See the one who was humiliated, the one who was alone and abandoned… the one who endured unimaginable pain and suffering… the one who had the world close in on the Cross – where evil was on the march, and death triumphed – or so it thought –  for a moment.

See in the Host, the only one who conquered all that and experienced new, Resurrected life…

See that present in that Host…

See and receive that gift – be nourished and transformed by that gift… and let yourself become a living tabernacle.  Go forth from this place and share this good news in our streets, our neighborhoods, our families, our schools, and workplaces the joy that comes from recognizing God truly remains with us…

Can we hear His voice speaking these truths to us?  Do we recognize the importance of receiving Him and how that’s not just about “showing up” and being present – but knowing the need for all of us to go to confession so that we’re in a state of grace to properly welcome Him in, as weak and imperfect as we are?  And then being willing to witness to the difference He makes in our lives to the world… To revere the sacredness of this Host we receive and remains in our tabernacle here?

The witness of that nameless young Chinese martyr was so powerful, that immediately after she was shot and killed, the soldier released the priest from his confinement telling him he was free to go… as he ran and knelt down at her lifeless body, the soldier who had just killed her said: “Sir, if in every town there was such a little girl, no soldier would ever fight for the Communists…”  Which was a strange but accurate observation for this cold-hearted murderer.   Archbishop Fulton Sheen, when he first heard this story, made a vow that for the rest of his life he would make a Holy Hour – he would spend an hour a day with Jesus in the Blessed Sacrament.  The effect of which animated his life in profound ways that please God, he will be beatified soon.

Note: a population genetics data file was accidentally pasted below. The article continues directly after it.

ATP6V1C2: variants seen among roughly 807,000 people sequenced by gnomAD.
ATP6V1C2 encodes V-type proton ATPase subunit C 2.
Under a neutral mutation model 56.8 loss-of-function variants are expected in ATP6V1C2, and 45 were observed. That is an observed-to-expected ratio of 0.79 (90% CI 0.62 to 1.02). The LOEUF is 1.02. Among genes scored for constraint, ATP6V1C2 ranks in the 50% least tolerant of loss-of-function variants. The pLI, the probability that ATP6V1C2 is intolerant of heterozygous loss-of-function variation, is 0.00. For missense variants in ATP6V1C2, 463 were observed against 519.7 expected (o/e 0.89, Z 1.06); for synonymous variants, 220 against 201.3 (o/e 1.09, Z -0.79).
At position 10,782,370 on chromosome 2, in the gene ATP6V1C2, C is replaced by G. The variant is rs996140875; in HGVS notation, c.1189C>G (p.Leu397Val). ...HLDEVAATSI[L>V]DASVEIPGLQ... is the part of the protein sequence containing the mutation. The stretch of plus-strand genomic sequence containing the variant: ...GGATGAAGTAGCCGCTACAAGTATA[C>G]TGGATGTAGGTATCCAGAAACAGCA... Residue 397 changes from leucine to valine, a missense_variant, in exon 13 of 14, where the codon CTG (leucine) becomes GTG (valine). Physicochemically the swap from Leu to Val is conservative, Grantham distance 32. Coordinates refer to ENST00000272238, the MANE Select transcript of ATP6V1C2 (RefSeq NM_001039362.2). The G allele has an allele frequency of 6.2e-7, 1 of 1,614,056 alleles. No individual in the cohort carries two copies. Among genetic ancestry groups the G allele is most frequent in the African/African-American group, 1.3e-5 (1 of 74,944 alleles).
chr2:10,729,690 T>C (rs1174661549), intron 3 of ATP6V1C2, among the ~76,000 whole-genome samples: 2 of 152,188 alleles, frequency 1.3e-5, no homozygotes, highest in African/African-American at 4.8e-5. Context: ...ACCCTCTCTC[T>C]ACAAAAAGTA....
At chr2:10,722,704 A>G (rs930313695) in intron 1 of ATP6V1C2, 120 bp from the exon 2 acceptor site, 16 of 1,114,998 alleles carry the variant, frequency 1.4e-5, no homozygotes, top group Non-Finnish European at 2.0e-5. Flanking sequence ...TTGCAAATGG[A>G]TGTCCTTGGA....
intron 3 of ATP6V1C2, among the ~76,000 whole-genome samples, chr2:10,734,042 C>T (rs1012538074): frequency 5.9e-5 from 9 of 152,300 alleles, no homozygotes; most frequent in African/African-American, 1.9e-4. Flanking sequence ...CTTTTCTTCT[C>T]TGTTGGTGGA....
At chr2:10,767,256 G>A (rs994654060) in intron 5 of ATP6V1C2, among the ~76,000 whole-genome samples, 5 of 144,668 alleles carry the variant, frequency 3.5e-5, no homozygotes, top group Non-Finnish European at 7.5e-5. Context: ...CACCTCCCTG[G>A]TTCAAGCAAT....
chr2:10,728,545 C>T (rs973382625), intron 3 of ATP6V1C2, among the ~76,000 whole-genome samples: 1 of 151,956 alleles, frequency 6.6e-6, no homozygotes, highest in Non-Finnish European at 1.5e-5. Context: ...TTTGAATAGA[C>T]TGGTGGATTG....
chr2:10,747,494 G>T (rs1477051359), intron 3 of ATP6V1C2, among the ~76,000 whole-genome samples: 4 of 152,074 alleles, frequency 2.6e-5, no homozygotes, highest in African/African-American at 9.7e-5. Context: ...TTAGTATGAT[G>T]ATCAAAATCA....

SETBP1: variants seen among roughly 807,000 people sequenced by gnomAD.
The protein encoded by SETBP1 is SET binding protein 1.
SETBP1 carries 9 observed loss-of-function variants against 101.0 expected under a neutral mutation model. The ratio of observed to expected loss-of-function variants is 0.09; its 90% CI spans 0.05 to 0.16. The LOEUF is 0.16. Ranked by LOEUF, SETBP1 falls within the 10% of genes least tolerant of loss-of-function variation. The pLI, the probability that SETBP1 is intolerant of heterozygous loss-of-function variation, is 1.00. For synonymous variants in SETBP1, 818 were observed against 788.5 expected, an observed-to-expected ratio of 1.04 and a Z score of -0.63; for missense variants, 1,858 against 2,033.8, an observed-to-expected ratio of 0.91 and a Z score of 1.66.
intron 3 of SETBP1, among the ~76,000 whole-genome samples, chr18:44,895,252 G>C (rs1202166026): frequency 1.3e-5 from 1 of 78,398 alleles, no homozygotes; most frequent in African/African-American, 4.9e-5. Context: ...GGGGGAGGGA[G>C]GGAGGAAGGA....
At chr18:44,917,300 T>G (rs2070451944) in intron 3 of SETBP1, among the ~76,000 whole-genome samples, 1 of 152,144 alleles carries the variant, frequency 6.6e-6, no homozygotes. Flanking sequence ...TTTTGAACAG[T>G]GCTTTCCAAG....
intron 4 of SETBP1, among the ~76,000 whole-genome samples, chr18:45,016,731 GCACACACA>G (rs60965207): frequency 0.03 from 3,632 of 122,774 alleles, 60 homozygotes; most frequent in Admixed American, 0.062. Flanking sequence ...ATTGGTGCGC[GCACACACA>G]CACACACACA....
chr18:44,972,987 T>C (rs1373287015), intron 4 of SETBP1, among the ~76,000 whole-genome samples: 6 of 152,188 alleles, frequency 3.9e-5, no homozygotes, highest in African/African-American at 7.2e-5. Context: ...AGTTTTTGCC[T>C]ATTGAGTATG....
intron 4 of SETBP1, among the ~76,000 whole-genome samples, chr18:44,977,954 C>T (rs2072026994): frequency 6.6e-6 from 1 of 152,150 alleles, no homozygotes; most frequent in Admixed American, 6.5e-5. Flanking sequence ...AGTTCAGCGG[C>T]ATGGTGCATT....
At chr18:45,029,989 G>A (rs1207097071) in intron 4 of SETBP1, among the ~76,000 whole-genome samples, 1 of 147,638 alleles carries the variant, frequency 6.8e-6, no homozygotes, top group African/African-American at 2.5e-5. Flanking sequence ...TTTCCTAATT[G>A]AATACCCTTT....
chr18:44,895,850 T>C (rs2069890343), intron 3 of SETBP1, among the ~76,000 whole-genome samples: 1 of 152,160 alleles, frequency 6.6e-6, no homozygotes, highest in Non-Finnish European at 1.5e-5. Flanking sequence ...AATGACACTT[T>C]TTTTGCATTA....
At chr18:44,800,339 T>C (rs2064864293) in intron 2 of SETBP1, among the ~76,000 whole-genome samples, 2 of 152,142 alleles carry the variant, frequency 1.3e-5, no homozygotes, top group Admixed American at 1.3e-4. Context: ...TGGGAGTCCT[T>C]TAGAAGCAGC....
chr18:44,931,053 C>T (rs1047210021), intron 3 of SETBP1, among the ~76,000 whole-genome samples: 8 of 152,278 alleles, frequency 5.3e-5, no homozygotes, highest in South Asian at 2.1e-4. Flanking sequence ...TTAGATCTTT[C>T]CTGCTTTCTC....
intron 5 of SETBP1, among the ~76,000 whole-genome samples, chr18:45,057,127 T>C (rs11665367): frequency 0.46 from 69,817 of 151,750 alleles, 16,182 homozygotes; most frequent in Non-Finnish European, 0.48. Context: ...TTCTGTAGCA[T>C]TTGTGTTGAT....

Can this girl’s witness help reawaken our spiritual senses to what we’re privileged to receive here?  Will this Corpus Christi be the day that we recognize anew the immense love of God who wants to be near, and close to us so much that He remains this accessible?  Do we meet Him in His vulnerability and dare to ask Him to meet us in ours – bringing to Him our illnesses, revealing the darkness we hide within – and ask Him to unleash His real presence in our lives to guide, comfort, heal and strengthen us.

Jesus is calling us to let Him do that for us.  A few years ago, a book of what was private revelations from Jesus to a priest, who remains anonymous, was published.  It has been a true blessing and a challenge in my own prayer life to read these words of our Lord speaking about His presence in the Eucharist.  One of those words Jesus said:

Looking at the Host, My true Body…

the world sees nothing:

no action, no usefulness, no message, no significance.

Looking at the same Host

with the eyes of faith,

what do you see?

Do you not see,

however faintly and obscurely,

what the Father and angelic hosts see:

the Lamb slain from before the foundation of the world;

the very work of redemption unfolding;

the glory of my Face filling the universe with the radiance of my divinity;

the one Face that all the world desires to see?”